Communication(fromcommunicare, meaning “to share” or “to be in relation with”)is “an apparent answer to the painful divisions between self and other, private and public, and inner thought and outer world.”As this definition indicates, communication is difficult to define in a consistent manner,because it is commonly used to refer to a wide range of different behaviors (broadly: “the transfer of information”), or to limit what can be included in the category of communication (for example, requiring a “conscious intent” to persuade). John Peters argues the difficulty of defining communication emerges from the fact that communication is both a universal phenomenon (because everyone communicates) and a specificof institutional academic study.
One possible definition of communication is the act of developingamongorthrough the use of sufficiently mutually understood,, andconventions.
In‘s and‘s influentialmodel, human communication was imagined to function like a telephone or telegraph.Accordingly, they conceptualized communication as involving discrete steps:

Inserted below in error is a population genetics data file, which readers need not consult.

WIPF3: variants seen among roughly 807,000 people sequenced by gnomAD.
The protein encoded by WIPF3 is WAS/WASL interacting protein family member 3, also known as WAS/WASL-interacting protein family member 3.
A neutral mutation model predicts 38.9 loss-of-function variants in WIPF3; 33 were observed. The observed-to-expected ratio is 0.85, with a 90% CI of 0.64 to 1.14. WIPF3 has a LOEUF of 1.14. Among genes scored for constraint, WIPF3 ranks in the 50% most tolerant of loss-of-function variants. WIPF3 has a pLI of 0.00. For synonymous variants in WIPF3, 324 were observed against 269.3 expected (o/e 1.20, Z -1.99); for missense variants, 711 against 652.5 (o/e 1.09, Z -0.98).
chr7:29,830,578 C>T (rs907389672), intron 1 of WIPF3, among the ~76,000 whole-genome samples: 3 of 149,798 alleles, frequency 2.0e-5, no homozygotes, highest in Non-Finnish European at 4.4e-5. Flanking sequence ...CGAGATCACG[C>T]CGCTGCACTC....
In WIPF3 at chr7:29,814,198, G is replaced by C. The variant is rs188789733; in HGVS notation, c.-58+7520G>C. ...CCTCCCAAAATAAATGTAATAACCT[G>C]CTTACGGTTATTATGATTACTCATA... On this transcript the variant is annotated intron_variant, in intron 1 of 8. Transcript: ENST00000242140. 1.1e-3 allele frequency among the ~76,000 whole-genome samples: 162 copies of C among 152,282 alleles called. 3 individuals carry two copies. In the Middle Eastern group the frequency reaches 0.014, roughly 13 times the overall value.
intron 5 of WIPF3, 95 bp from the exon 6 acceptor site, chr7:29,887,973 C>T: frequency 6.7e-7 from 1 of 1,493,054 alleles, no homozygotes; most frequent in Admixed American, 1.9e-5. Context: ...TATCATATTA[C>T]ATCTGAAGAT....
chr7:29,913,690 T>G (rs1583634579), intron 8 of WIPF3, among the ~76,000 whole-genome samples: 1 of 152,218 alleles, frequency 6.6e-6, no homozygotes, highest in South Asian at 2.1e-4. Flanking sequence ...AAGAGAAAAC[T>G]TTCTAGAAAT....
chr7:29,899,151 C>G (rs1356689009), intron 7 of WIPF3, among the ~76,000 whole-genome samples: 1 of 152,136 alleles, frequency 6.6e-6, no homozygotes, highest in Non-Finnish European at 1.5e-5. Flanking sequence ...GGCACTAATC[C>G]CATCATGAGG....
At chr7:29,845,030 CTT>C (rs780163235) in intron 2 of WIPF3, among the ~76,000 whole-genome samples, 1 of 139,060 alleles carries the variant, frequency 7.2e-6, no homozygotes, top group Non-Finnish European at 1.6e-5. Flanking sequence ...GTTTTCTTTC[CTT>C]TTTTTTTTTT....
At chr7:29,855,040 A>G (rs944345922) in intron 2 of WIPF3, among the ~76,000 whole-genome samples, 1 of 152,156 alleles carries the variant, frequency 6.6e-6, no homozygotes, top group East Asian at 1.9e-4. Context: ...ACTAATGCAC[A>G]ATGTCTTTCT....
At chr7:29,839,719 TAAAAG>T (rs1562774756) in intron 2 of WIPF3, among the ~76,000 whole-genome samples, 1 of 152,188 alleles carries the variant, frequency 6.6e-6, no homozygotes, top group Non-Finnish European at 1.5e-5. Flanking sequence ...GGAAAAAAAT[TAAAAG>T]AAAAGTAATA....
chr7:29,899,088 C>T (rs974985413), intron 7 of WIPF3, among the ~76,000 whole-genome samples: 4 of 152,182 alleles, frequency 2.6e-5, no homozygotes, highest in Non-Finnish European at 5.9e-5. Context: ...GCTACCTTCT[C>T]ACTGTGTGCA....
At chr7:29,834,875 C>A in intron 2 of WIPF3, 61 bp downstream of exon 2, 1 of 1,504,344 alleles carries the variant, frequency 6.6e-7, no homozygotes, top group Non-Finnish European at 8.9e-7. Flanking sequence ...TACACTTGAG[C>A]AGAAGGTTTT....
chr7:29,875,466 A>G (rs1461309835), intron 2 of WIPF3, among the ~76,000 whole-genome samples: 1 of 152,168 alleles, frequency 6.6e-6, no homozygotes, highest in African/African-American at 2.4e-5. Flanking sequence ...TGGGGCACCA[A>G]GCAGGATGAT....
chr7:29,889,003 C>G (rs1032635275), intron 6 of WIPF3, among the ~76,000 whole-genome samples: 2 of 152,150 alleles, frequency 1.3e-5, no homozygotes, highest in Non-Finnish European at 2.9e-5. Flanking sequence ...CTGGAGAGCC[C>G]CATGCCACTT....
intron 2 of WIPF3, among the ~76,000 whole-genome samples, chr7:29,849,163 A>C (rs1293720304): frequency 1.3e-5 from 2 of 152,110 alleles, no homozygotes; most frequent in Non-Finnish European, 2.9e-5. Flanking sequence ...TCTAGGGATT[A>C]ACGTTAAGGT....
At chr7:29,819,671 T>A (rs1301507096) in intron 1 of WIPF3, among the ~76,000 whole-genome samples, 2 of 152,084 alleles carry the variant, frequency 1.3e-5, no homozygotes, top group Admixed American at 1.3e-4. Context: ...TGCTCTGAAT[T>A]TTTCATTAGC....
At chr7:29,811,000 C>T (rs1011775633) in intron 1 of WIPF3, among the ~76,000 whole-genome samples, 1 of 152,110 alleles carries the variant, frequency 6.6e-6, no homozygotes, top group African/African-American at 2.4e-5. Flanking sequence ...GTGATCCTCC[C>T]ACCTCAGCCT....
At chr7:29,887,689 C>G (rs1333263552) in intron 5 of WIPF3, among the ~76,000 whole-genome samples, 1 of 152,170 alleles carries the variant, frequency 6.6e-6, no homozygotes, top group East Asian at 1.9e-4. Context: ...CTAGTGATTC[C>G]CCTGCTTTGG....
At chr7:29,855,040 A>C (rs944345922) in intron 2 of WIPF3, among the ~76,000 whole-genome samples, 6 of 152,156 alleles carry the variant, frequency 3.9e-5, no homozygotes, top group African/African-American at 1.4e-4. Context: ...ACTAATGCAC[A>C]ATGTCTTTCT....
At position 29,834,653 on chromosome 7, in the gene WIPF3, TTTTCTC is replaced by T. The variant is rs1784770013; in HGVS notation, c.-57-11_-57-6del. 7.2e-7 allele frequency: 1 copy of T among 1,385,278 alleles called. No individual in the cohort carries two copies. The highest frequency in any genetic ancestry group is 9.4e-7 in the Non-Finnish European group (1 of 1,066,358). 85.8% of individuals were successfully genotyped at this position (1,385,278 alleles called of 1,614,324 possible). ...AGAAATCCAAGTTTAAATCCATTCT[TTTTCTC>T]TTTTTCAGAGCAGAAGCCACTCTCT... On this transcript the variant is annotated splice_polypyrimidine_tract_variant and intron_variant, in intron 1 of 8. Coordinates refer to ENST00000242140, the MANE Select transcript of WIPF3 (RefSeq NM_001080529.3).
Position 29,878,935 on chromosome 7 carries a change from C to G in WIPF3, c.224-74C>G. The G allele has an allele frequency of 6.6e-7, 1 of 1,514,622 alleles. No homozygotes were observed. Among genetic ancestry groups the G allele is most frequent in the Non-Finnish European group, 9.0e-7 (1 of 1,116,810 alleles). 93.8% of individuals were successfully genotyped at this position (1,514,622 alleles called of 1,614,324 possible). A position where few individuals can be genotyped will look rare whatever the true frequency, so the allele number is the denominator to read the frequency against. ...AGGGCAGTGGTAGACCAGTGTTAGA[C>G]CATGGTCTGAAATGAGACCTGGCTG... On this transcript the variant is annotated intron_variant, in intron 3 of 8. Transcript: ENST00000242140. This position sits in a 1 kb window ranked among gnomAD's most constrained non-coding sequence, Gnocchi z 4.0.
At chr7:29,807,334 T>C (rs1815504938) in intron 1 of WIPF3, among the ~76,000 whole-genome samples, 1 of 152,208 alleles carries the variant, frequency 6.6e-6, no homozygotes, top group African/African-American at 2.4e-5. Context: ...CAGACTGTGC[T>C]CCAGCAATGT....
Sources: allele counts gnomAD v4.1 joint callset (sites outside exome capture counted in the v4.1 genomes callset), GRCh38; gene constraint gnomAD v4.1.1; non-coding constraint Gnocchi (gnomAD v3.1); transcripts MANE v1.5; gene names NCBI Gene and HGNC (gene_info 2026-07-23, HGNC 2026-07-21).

These elements are now understood to be substantially overlapping and recursive activities rather than steps in a sequence.For example, communicative actions can commence before a communicator formulates a conscious attempt to do so,as in the case of; likewise, communicators modify their intentions and formulations of a message in response to real-time feedback (e.g., a change in).Practices of decoding and interpretation are culturally enacted, not just by individuals (conventions, for instance, trigger anticipatory expectations for how a message is to be received), and receivers of any message operationalize their own frames of reference in interpretation